Independence referendum at heart of Queen’s speech

Queen Elizabeth II returns  to Buckingham Palace after delivering the Queen's Speech. Picture: Getty

Queen Elizabeth II returns to Buckingham Palace after delivering the Queen's Speech. Picture: Getty

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KEEPING Scotland in the UK was presented as one of the coalition’s top priorities in the Queen’s Speech, with just over 100 days to go before the referendum on independence.

In the last Queen’s Speech before the general election, the drive to retain the Union was at the heart of the UK government’s legislative programme. “My government will continue to implement new financial powers for the Scottish Parliament and make the case for Scotland to remain a part of the United Kingdom,” she said.

In measures affecting Scotland, the oil and gas sector was told it would have to pay for a new regulator, while an overhaul of pensions and a massive new childcare programme, along with a controversial bill which would let constituents recall MPs, were also announced.

Liberal Democrat Scottish Secretary Alistair Carmichael has written to party leaders in Holyrood offering to extend the provisions of the bill to the Scottish Parliament following the controversy over former SNP MSP Bill Walker, who eventually stood down after being found guilty of domestic abuse.

Meanwhile, the Queen’s Speech was overshadowed by Downing Street being forced to fend off Labour accusations that David Cameron is presiding over a “zombie government”, after she unveiled a legislative programme for the coming year featuring just 11 new bills.

Mr Cameron and Deputy Prime Minister Nick Clegg hailed the programme for the coalition’s final year as “unashamedly pro-work, pro-business and pro-aspiration”.

Heavily trailed reforms abolishing the requirement for pensioners to buy annuities and allowing workers to join Dutch-style collective pension schemes would deliver the biggest transformation in provision for the elderly since the inception of the system, they said.

In a video message, Mr Cameron described the speech as “the next big step in our long-term plan for Britain”.

The Prime Minister said: “These past four years together, we have taken some difficult decisions and endured some testing times, but our plans are working. This Queen’s Speech builds on all the progress we have made. Of course there is a long way to go, but today we are taking one further step forward in turning our country around.”

Labour MPs pointed out that the speech contained no new measures on the NHS or immigration, and leader Ed Miliband said it failed to live up to the challenges Britain faces.

Warning that last month’s local and European elections showed “the depths of discontent with the direction of our country”, Mr Miliband said: “We would have a Queen’s Speech with legislation which would make work pay, reform our banks, freeze energy bills and build homes again in Britain.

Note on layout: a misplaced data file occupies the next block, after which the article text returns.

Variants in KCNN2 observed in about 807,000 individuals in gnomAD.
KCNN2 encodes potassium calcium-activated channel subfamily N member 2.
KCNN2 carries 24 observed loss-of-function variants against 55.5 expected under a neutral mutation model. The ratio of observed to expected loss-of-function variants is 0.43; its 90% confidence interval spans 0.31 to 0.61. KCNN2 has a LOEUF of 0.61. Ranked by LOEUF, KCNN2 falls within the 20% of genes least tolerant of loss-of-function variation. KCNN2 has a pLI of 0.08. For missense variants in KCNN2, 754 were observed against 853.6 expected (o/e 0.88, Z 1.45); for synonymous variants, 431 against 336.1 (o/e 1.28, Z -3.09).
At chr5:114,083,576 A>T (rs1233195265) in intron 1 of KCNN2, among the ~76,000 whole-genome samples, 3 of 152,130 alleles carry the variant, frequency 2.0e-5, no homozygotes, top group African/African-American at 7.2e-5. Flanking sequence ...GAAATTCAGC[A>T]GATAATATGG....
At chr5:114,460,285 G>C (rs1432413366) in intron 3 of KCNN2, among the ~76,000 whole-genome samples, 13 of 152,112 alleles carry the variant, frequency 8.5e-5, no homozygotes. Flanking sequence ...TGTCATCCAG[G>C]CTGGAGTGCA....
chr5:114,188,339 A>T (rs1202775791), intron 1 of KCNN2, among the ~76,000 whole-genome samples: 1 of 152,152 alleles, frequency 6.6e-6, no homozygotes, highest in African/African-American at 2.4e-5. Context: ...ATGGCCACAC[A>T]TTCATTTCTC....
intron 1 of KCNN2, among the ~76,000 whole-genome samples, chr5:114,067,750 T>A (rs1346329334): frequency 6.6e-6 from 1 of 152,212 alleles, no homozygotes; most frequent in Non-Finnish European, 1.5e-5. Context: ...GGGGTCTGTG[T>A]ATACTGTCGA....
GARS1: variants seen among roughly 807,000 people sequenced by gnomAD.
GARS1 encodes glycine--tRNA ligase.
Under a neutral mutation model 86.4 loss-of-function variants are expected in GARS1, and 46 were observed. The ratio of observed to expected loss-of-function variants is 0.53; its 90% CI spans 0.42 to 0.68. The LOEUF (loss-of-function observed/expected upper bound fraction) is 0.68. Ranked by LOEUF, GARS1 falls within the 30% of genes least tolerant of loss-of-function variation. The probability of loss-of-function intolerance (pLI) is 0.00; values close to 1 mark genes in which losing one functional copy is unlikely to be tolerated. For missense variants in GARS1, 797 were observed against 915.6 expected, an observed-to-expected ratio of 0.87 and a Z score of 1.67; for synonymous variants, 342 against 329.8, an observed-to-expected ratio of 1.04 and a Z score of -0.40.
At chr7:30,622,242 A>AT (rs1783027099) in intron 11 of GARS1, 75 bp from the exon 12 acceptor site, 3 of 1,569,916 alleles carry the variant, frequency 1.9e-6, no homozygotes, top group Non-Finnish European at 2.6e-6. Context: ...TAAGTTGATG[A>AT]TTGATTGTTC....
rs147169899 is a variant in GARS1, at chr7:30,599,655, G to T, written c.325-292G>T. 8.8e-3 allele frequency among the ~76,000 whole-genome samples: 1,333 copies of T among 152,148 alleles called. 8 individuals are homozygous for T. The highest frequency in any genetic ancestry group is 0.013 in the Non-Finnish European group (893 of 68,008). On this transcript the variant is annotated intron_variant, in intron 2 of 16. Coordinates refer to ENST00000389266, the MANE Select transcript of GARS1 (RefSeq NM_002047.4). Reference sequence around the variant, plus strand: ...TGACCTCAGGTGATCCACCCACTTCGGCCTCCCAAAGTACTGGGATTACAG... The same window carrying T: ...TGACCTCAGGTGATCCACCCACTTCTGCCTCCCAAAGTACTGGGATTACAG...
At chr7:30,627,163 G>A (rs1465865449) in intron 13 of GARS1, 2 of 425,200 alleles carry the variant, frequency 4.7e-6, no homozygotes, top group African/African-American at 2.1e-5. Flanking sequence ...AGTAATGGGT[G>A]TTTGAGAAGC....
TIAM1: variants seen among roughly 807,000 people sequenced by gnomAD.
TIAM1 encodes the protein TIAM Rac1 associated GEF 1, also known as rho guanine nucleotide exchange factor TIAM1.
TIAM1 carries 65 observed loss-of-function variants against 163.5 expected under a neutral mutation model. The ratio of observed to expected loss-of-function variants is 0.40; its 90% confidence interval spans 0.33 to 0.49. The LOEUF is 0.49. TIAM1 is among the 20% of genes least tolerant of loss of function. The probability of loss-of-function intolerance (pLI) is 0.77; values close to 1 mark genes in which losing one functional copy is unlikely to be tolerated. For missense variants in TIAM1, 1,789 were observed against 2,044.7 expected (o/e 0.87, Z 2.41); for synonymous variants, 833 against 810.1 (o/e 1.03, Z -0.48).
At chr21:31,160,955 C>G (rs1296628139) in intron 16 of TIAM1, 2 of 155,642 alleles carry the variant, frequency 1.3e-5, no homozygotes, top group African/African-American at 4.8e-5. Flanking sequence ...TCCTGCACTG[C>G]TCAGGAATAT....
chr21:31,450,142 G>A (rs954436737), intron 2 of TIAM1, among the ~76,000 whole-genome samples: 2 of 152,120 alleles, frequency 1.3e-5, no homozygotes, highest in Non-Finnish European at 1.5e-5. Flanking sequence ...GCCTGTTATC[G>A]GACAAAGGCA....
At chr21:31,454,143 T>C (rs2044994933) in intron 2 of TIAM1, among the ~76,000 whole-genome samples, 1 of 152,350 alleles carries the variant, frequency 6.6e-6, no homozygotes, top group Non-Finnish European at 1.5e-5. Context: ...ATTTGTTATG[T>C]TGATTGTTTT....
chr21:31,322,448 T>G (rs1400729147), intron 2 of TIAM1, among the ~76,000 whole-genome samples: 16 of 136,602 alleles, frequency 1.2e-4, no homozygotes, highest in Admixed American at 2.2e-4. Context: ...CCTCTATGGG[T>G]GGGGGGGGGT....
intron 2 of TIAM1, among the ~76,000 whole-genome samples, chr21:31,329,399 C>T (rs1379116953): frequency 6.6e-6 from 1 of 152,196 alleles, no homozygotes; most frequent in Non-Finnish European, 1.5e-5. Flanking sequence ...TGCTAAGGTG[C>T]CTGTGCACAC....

“A Queen’s Speech which signals a new direction for Britain, not one which offers more of the same.”

The list of bills announced by the Queen in one of the briefest speeches of modern times – lasting a little under 10 minutes – was shorter than in any other year of the past two decades.

The SNP said the Queen’s Speech highlighted why Scots need to vote Yes on 18 September in the independence referendum. Angus Robertson, SNP Westminster leader, said there was nothing in it on new powers for Holyrood, even though all the pro-UK parties have promised to extend devolution.

He said: “The absence of any mention at all of the Westminster parties’ plans for Scotland in the Queen’s Speech is extraordinary.” He added: “In this – the year of the biggest opportunity in Scotland’s history – Scotland hardly even gets a nod at Westminster, and not a single mention of future plans for improving government in Scotland.”

But Mr Carmichael described the Queen’s Speech as “substantial” and said there was an opportunity for Holyrood to allow for MSPs to be forced to stand for election again with potential amendments to the Recall Bill.

He insisted the measures on the new oil and gas regulator “were what the industry themselves asked for” from a review carried out by Sir Ian Wood. But Oil & Gas UK CEO Malcolm Webb said: “We must disagree with the government seeking to absolve itself from all financial involvement or responsibility for the new regulator.”

TUC general secretary Frances O’Grady said: “This is not a Queen’s Speech for people at work. It is missing anything that will allow them to share in the recovery with a proper wage increase.”

But Simon Walker, director general of the Institute of Directors, said: “The overall message appears to be one of growth, innovation and help for people who want to start a business.”

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